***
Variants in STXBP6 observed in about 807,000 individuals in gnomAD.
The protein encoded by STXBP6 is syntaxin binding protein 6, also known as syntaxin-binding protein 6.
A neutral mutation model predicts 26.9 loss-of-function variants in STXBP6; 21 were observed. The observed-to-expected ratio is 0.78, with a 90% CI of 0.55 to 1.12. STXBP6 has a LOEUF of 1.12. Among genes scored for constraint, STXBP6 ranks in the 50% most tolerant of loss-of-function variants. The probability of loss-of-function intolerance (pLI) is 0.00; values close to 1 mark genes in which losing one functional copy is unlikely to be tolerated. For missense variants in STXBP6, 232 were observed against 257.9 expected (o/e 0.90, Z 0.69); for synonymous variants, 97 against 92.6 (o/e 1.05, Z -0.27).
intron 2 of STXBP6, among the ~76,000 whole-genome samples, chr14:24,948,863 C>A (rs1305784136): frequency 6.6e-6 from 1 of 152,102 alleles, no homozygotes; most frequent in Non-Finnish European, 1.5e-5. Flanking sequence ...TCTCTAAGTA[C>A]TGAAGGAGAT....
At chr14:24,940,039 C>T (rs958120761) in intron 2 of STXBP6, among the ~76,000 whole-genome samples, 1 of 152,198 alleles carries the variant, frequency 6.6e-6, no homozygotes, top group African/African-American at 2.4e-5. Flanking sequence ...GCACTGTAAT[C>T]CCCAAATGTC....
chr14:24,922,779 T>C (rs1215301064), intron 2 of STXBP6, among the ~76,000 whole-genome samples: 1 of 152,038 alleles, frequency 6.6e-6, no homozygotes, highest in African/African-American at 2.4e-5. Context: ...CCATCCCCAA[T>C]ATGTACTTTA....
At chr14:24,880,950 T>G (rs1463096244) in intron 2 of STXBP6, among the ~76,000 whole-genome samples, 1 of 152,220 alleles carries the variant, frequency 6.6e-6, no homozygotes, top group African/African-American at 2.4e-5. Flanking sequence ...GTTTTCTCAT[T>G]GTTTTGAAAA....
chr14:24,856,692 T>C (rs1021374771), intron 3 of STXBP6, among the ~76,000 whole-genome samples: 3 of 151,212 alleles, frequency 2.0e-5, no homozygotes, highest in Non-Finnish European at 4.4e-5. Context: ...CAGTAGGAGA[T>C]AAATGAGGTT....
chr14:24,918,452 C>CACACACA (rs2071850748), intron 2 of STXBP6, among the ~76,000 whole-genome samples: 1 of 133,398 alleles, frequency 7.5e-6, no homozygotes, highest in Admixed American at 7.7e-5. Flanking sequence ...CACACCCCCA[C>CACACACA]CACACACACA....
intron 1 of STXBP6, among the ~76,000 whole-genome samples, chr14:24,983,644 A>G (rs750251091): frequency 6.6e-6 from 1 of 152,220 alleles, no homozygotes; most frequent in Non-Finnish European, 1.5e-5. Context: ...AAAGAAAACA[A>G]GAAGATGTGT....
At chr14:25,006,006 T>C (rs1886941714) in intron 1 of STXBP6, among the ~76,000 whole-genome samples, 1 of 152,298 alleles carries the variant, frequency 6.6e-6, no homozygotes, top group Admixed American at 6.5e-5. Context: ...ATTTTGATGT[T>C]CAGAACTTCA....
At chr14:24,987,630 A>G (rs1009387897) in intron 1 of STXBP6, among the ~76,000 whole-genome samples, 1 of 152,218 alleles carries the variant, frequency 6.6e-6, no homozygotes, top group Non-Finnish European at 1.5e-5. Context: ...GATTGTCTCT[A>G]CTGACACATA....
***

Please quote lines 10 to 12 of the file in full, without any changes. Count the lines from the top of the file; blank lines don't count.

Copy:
intron 1 of STXBP6, among the ~76,000 whole-genome samples, chr14:24,983,644 A>G (rs750251091): frequency 6.6e-6 from 1 of 152,220 alleles, no homozygotes; most frequent in Non-Finnish European, 1.5e-5. Context: ...AAAGAAAACA[A>G]GAAGATGTGT....
At chr14:25,006,006 T>C (rs1886941714) in intron 1 of STXBP6, among the ~76,000 whole-genome samples, 1 of 152,298 alleles carries the variant, frequency 6.6e-6, no homozygotes, top group Admixed American at 6.5e-5. Context: ...ATTTTGATGT[T>C]CAGAACTTCA....
At chr14:24,987,630 A>G (rs1009387897) in intron 1 of STXBP6, among the ~76,000 whole-genome samples, 1 of 152,218 alleles carries the variant, frequency 6.6e-6, no homozygotes, top group Non-Finnish European at 1.5e-5. Context: ...GATTGTCTCT[A>G]CTGACACATA....